His motor examination demonstrated diffuse weakness.
His fine-motor skills continue to be impaired.
He has cerebral palsy and tone abnormalities.
I read the the pediatric neurologist's letter about Max's annual visit as soon as it arrived in the mail, like I always do. Sometimes I think that I'd be better off just filing it away, sight unseen, because as is typically the case, I felt pangs of distress when I read parts of it.
This doctor—who's seen Max since he was two weeks old—tends to write a pretty comprehensive letter, which he addresses to our pediatrician and cc's us on. It covers Max's cognitive and physical state. Cerebral palsy isn't just a physical condition; the brain fires messages to muscles, directing them how to move.
I am well aware of every single physical thing he mentioned in his letter. Max has cerebral palsy; weakness, fine-motor challenges and tone abnormalities are no shocker. Max does his best to work around them. He gets a good amount of therapy to help him learn adaptive maneuvers. We use enabling gadgets.
I don't think about the CP much on a daily basis. When he was little, I had a hard time accepting what had happened to him, but Max's evolution and the passage of time helped the grief ebb away. Still, when his challenges are there in front of me, in black and white, I consider what Max has to contend with. The same goes for educational assessments and reports.
These write-ups are not a reflection of who Max is, I realize. But there I was, standing by the pile of mail on our kitchen counter, staring at the words and wishing that movement came easier to him. Which is futile, of course. The cerebral palsy isn't going to change—it's a static condition. At times, Max's muscles may be more relaxed than others but the fact is, he will always have four-quad spastic CP.
The CP is part of who he is.
Whatever pangs I may occasionally have, I want him to embrace the CP.
No, I want him to own the CP.
Max doesn't complain about stuff being harder for him, because he doesn't know any differently. For sure, there are times when he gets annoyed—say, when something falls out of his hands that he was trying to grasp—but otherwise, he takes life in stride. This is who he is.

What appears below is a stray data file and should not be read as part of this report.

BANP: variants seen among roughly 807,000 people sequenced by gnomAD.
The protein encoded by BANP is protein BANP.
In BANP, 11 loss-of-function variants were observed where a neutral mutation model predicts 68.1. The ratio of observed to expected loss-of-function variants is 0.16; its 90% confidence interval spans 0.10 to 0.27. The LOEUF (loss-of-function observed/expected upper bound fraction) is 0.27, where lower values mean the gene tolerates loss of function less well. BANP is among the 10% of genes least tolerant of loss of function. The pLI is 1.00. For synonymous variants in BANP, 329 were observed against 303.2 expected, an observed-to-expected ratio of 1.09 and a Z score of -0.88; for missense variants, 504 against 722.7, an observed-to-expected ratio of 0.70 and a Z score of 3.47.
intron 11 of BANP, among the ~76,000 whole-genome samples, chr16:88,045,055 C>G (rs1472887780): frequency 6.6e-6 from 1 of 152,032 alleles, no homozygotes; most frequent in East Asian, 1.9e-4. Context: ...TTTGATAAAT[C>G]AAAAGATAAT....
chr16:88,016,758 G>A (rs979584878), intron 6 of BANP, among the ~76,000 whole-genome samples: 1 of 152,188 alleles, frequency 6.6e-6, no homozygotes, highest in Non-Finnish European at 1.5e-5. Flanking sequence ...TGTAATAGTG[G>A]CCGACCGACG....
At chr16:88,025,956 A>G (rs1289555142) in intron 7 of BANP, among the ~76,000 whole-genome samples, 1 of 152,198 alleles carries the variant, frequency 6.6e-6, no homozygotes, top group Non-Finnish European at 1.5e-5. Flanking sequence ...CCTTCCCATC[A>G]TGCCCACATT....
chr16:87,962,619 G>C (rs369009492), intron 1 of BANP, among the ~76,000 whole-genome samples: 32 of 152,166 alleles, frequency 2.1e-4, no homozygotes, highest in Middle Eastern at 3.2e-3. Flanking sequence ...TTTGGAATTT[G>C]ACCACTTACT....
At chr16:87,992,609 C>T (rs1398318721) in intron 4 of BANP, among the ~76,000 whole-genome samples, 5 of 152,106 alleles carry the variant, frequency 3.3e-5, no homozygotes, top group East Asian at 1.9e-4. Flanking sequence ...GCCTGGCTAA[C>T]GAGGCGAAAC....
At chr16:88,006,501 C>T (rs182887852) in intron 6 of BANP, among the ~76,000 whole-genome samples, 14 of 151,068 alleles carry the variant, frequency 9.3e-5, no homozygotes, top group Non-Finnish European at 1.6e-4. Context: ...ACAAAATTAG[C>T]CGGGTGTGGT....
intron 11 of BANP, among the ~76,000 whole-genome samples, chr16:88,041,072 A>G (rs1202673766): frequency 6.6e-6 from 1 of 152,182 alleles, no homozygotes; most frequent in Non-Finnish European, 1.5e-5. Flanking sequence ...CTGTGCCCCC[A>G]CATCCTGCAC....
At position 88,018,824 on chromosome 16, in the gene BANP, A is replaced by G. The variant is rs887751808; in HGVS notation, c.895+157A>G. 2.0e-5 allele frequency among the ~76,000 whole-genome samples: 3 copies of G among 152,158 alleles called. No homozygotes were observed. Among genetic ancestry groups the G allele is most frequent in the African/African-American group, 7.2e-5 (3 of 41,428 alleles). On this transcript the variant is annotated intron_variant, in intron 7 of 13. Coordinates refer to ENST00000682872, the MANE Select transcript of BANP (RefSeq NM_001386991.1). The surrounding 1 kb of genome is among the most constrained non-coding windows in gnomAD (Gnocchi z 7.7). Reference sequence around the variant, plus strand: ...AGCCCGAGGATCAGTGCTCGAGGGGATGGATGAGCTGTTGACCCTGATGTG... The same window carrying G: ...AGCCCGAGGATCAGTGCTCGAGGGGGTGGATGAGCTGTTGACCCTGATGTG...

As parents, we feel our children's every difficulty, big and small. When one of the kids has strep throat, when Sabrina is upset about how a frenemy has treated her, when Ben falls and bumps his head, when Max gets anxious if we're in a loud and crowded place, when anyone is overly tired or bummed out or freaked out or whatever-ed out, I feel them. And so, when I consider Max's physical challenges, I feel them.
But then I force myself to think back to the advice this very doctor once gave Dave and me about the MRI scans of Max's brain, taken at the hospital a few days after he was born. The white areas on the black film show the damage, the result of the stroke. The doctor told us to store those scans out of reach, to not take Max's medical history to heart and to look at the child in front of our eyes.
I walked upstairs and filed that letter away.
Yesterday evening, I took Max to an event at his school, which is for students with disabilities; teens from a local high school came to hang out, play sports and do crafts together. "It's going to be the best night!" Max told me during the car ride there. He dashed into the gym with a big grin and ran over to friends to say hello. I paused to watch him before I left, but then he spotted me and motioned me to leave. Spy Mom, caught in the act once again.
As I drove off I noticed floodlights on the field across the way; football players were practicing. Years ago, I might have been bummed that Max would never be one of them. But last night, I only felt happy for him.